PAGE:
When you meet someone who is devoted to her own business as well as helping their surrounding communities, you know they’re an incredibly strong person. And that term — strong — is the word that exemplifies Audra Fuller.
For Fuller, spending every waking hour of her day improving the lives of others is simply the norm. While many focus on one career, Fuller splits her time between being a gym owner and a police officer.
“Both really correlate with each other, so it works. They both always relate back to improving people’s lives,” said Fuller. “I love to be a part of that. A lot of personal trainers become cops, and there’s plenty of cops who do personal training on the side. There’s a consistency in our personalities with it.”
Fuller owns Maximus Gym in Ellensburg, and she splits her time between running the business and patrolling the streets of Zillah. According to Fuller, she divvies up her time about 60 percent at Maximus and 40 percent as an officer, depending on which position needs her more throughout the week.
A certified personal training coach and nutrition consultant, Fuller has been helping clients improve their lives through diet and exercise for 33 years. She became a personal trainer in 1986, after a number of people at her gym had asked her to help them get in the same shape she was in.
“I started training a few people here and there to help them, but then I realized I could do that for a living,” she said.
While working as a personal trainer, Fuller had been dating an officer for four years and got to know more about police work. “I eventually decided I really wanted to do that part time. I thought it would fit my personality well,” she said. “But it turned out, when I got started, I got so inspired that I did it full time.”
Fuller went through the police academy in 2010 in Bellingham, then started a position with the Nooksack Tribal Police. In 2011, she moved to Tonasket, where her parents had owned a ranch for 25 years and spent time as an officer in that area. But it wasn’t until moving to Ellensburg in 2014 that her love for personal training and police work collided.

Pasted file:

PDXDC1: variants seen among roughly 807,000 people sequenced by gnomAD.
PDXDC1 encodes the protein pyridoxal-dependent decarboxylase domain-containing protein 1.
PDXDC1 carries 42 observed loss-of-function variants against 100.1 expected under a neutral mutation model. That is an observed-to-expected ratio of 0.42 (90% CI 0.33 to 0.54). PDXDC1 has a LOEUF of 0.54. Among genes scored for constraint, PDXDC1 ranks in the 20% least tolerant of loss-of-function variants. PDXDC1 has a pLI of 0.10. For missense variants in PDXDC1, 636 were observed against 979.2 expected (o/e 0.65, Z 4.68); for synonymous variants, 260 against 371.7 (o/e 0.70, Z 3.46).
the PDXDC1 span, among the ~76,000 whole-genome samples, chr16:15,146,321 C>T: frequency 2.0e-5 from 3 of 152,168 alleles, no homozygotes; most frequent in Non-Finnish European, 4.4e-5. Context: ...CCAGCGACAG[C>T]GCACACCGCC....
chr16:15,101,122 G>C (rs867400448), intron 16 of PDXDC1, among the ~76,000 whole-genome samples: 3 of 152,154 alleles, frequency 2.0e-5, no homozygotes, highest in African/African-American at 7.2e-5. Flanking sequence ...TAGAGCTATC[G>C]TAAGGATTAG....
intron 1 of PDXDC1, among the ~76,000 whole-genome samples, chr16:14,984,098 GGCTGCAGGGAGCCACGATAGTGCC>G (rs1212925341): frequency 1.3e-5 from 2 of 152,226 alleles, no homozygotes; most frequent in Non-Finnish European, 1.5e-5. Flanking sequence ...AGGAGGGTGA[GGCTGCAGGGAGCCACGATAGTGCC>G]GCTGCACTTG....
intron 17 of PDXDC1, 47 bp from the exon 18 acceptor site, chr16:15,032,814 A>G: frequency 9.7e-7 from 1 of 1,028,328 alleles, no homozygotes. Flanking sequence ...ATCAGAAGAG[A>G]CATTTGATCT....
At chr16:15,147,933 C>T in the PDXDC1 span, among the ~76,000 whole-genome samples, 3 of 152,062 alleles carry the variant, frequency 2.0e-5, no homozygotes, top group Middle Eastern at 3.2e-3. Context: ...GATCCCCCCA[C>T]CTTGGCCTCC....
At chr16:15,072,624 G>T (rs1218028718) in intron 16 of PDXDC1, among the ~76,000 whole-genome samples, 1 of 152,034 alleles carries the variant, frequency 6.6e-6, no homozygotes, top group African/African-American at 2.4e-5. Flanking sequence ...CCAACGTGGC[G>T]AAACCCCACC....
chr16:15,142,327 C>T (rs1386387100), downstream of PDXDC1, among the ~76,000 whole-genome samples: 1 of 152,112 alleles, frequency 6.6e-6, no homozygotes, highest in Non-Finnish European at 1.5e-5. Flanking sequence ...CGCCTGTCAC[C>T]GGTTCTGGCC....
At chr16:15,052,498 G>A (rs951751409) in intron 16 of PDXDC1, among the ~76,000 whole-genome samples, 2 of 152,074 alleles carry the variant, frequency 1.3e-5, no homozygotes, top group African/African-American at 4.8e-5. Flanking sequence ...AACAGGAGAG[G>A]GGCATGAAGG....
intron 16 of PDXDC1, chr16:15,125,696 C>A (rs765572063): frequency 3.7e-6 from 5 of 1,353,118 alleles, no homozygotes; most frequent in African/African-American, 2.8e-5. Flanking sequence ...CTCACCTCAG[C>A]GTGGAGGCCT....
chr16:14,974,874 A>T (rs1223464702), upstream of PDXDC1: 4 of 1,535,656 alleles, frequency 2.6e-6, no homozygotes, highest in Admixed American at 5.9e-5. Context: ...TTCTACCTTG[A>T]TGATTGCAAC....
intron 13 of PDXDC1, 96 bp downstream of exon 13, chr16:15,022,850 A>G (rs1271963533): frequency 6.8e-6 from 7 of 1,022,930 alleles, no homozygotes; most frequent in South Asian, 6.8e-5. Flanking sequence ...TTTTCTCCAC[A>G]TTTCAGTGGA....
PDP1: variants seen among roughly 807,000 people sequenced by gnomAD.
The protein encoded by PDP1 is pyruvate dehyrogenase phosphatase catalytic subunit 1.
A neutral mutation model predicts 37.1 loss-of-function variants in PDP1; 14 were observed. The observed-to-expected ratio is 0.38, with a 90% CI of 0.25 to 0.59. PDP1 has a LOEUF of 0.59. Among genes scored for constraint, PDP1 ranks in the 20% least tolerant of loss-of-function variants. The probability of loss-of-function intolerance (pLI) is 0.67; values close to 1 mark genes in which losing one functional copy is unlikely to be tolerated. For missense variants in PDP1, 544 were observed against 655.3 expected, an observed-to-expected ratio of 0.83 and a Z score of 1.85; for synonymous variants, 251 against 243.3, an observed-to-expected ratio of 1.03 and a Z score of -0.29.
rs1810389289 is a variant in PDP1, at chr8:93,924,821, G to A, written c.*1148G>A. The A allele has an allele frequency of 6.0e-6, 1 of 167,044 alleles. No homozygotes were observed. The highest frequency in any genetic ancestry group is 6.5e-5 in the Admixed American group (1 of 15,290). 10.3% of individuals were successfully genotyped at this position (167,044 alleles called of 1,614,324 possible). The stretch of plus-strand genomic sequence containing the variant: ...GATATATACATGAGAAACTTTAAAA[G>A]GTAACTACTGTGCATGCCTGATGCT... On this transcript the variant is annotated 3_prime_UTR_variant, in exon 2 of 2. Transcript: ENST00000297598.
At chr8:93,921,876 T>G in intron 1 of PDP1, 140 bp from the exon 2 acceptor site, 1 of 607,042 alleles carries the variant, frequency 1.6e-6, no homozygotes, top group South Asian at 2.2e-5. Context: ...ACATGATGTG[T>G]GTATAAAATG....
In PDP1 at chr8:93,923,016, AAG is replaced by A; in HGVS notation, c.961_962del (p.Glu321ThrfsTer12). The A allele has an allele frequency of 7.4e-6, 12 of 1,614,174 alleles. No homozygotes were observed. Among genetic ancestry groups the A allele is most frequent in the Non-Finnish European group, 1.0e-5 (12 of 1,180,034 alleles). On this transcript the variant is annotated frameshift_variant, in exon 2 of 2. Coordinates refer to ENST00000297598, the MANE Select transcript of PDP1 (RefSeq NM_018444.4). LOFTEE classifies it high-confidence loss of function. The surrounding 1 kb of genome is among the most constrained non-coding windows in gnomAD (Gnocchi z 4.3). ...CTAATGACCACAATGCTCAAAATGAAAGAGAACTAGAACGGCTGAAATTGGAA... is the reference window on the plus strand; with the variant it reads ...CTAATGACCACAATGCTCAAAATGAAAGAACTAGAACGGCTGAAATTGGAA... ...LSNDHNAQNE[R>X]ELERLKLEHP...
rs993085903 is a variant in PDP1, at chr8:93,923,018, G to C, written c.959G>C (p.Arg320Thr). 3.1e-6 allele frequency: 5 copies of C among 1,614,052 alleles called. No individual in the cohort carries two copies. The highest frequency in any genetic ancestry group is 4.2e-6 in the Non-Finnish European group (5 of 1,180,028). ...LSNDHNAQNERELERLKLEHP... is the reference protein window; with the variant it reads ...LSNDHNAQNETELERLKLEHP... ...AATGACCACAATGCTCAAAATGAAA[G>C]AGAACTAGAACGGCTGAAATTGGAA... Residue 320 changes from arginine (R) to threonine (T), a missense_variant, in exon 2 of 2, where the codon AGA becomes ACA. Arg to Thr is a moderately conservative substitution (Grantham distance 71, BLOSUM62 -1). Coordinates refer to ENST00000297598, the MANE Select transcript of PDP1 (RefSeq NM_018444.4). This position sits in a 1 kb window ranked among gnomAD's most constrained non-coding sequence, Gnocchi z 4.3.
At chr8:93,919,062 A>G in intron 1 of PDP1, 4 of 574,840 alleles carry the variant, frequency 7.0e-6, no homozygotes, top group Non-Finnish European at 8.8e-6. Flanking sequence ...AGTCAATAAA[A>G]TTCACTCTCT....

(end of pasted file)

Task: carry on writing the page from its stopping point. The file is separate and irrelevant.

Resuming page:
“Ever since my kids were little, it was always my dream to live here. It didn’t work out until 2014, but it was huge dream come true,” she said. Upon moving to Central Washington, Fuller got back into training clients in their own homes, and she joined what was then called The Gym.
“I started looking at opening my own gym, looking at different spaces around town and exploring different concepts,” said Fuller. “But fate ended up stepping in. I had heard The Gym was for sale, and thankfully the owner, who was very picky about who would take over, chose my sister and I.”
Fuller, along with her sister Sarra Guck, bought The Gym in 2015 and spent the first year getting it up and running to their standards, which meant getting the right crew in place, plenty of repainting and giving clients 24/7 access for the first time.
“It was a lot of work that first year and finally getting the 24/7 access made our time a lot more flexible,” she said. “Right away I became a reserve officer for the Yakima County Sheriff’s Office so I could get back to it.” Fuller bought out her sister in 2018.
After being brought on to run the reserves program in Mabton, Fuller was hired by the Zillah Police Department, where she does a mixture of reserve volunteer and paid shifts, depending on coverage needs. Fuller had already been a full-time officer in previous positions and was still fully commissioned by the state, so she was able to obtain solo status right away.
For Fuller, working as a police officer and owning a gym go hand in hand. “I have that personality that I’m able to tell people things they don’t necessarily want to hear,” she said. “It’s definitely not something everyone has or everyone enjoys. You have to be confident in both settings.”
Part of Fuller’s confidence comes from working in multiple male-dominated career fields for years, after gaining experience training male body builders and working with multiple police departments.
“We’re all on the same level and the same team, and we all have something to give to it, but it is something you have to think about on a regular basis as a female officer,” she said. “You have to be a little tougher than you normally would be, and you have to be confident as an officer. You are the one that people are always looking to.”